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Issue Date: April 2009

Boss Fan

The Rock and Roll Hall of Fame and Museum presents the first major exhibit examining Bruce Springsteen’s four-decade music career and his ascent from the Jersey shore to worldwide fame.
Jim Vickers
He has always had a way of harnessing hope and despair, promises and memory. His songs are filled with fast cars, stinging love and the vast American landscape.

Whether strumming a lone guitar or backed by the force of the E Street Band at full gallop, Bruce Springsteen’s vision of the country has helped us figure out who we are — so much so that the label of “rock star” seems almost superficial now.

This month, the Rock and Roll Hall of Fame and Museum examines the music icon’s career with its new exhibitFrom
Asbury Park to the Promised Land: The Life and Music of Bruce Springsteen.

“We’ve wanted to do it for a long time,” says Rock and Roll Hall of Fame and Museum vice president of exhibitions and curatorial affairs Jim Henke. “With Bruce and all the stuff he’s doing with the Super Bowl and the Obama [campaign] and the new album and tour — it worked out where the timing was right on both ends.”

Along with bringing fans within arm’s reach of the tools of Springsteen’s trade, the exhibit also delves into the musical roots of the man known to his fans simply as The Boss.

It stretches back to his first professional band, the Castiles, which Springsteen joined while he was still a sophomore in high school, and follows his progression to the group Steel Mill, which found him performing alongside future E Street Band members Steven Van Zandt and Danny Federici.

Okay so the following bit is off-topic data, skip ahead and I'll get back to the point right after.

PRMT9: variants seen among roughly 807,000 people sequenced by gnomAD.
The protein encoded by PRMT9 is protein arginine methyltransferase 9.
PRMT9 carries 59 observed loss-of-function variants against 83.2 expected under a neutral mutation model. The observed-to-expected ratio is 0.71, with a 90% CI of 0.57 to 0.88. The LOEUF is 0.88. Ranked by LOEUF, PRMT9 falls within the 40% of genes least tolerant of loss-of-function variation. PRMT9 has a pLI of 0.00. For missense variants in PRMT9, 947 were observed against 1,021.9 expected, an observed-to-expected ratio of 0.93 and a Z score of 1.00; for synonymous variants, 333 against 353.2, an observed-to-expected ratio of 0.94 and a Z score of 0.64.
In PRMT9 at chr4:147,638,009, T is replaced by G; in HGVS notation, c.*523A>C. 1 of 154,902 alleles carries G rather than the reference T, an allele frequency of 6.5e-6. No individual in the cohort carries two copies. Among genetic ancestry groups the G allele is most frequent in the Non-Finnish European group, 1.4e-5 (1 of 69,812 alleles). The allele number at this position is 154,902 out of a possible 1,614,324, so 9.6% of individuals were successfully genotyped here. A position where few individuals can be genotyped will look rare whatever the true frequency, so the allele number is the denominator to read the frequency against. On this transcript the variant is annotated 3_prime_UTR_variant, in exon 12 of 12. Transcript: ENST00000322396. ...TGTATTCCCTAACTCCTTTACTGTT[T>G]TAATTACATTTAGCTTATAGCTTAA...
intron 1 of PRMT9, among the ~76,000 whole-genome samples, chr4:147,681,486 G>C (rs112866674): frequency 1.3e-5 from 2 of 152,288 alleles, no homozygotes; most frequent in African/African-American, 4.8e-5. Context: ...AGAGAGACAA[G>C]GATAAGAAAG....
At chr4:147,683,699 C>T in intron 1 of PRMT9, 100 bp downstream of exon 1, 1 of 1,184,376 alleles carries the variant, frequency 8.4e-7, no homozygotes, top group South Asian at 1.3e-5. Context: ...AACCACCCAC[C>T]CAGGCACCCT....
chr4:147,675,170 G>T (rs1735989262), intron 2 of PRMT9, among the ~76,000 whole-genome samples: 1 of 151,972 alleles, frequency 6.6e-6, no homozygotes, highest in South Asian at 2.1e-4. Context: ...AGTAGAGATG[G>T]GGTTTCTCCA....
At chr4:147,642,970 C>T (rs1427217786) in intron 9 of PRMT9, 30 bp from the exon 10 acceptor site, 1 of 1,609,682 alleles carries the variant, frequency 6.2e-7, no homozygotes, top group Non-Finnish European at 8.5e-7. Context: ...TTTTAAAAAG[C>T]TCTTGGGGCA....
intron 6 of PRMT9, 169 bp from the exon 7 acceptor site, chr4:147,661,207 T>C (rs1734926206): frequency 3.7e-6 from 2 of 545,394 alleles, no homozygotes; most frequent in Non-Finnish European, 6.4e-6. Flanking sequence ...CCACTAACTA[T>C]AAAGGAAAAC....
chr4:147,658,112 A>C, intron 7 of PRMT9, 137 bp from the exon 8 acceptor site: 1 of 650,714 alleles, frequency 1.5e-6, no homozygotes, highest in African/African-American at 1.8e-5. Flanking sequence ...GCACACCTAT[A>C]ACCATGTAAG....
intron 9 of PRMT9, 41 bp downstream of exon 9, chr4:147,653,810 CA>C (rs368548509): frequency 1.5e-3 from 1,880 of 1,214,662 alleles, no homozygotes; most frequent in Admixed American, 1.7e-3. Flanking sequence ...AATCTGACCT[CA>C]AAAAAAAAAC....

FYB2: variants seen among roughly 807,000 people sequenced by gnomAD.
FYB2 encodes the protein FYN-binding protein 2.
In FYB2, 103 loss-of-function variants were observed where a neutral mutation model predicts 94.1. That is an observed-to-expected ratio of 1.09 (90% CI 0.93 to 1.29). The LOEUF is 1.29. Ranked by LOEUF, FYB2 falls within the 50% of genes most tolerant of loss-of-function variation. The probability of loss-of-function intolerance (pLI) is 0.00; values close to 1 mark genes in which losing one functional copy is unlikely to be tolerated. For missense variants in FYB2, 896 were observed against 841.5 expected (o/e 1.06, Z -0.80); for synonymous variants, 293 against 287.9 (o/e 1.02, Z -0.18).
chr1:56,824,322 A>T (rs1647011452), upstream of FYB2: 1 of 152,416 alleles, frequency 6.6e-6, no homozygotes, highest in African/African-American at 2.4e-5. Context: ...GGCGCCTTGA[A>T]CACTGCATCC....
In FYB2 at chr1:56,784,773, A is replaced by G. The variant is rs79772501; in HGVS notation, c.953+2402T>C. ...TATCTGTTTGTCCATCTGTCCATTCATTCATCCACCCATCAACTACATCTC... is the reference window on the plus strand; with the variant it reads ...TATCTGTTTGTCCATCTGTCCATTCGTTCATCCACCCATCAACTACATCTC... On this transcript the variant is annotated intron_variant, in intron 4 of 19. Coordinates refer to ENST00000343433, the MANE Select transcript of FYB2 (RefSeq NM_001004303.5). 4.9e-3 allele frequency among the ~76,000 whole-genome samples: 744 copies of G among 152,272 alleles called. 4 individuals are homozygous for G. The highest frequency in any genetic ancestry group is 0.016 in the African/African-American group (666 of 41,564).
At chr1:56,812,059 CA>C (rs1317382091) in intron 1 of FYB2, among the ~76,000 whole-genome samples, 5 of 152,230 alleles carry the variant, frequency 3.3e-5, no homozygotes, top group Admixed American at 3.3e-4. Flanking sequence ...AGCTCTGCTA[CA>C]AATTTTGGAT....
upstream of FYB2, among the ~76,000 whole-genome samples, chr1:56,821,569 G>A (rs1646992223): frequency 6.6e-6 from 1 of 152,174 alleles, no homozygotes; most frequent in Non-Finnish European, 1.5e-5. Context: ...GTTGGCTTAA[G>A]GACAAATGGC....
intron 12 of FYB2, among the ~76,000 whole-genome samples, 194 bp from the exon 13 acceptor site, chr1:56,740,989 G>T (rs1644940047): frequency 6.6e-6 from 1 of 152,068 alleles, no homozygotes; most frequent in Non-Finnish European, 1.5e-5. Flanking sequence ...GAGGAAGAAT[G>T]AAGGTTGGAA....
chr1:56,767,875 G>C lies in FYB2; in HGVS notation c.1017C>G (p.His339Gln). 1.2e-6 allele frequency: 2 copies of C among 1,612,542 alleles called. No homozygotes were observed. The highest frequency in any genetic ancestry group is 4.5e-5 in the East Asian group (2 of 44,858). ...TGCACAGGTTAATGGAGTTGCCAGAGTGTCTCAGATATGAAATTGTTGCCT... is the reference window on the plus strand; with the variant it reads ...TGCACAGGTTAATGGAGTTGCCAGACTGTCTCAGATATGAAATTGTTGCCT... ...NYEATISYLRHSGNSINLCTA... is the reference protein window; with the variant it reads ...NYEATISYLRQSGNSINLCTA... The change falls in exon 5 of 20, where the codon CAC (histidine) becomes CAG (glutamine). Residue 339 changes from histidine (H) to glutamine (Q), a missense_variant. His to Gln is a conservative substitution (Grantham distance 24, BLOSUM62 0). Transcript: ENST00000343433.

The group at one point relocated to San Franciso but ended up moving back east to New Jersey. Soon after, Springsteen began writing music by himself, ultimately recording his first album, Greetings from Asbury Park, N.J., for Columbia Records.

“A lot of the guys who ended up being in the E Street Band ended up playing on it, and they started touring, and that was the evolution of [the E Street Band],” Henke says.

The Rock Hall exhibit presents Springsteen’s career chronologically and thematically, with sections dedicated to touring and songwriting. It includes the tape machine he used to recordNebraska and the table where he’s written most of his songs over the years. But of all the personal items Springsteen loaned, the most surprising of all was the Fender guitar made famous on the cover ofBorn To Run.

“It shocked even the people I was dealing with in his organization,” Henke recalls. “One day I got an e-mail that said ‘Jim, I can’t believe this, but Bruce wants you to have the Fender Esquire.’ ”

From Asbury Park to the Promised Land: The Life and Music of Bruce Springsteen opens April 1. For more information, visit

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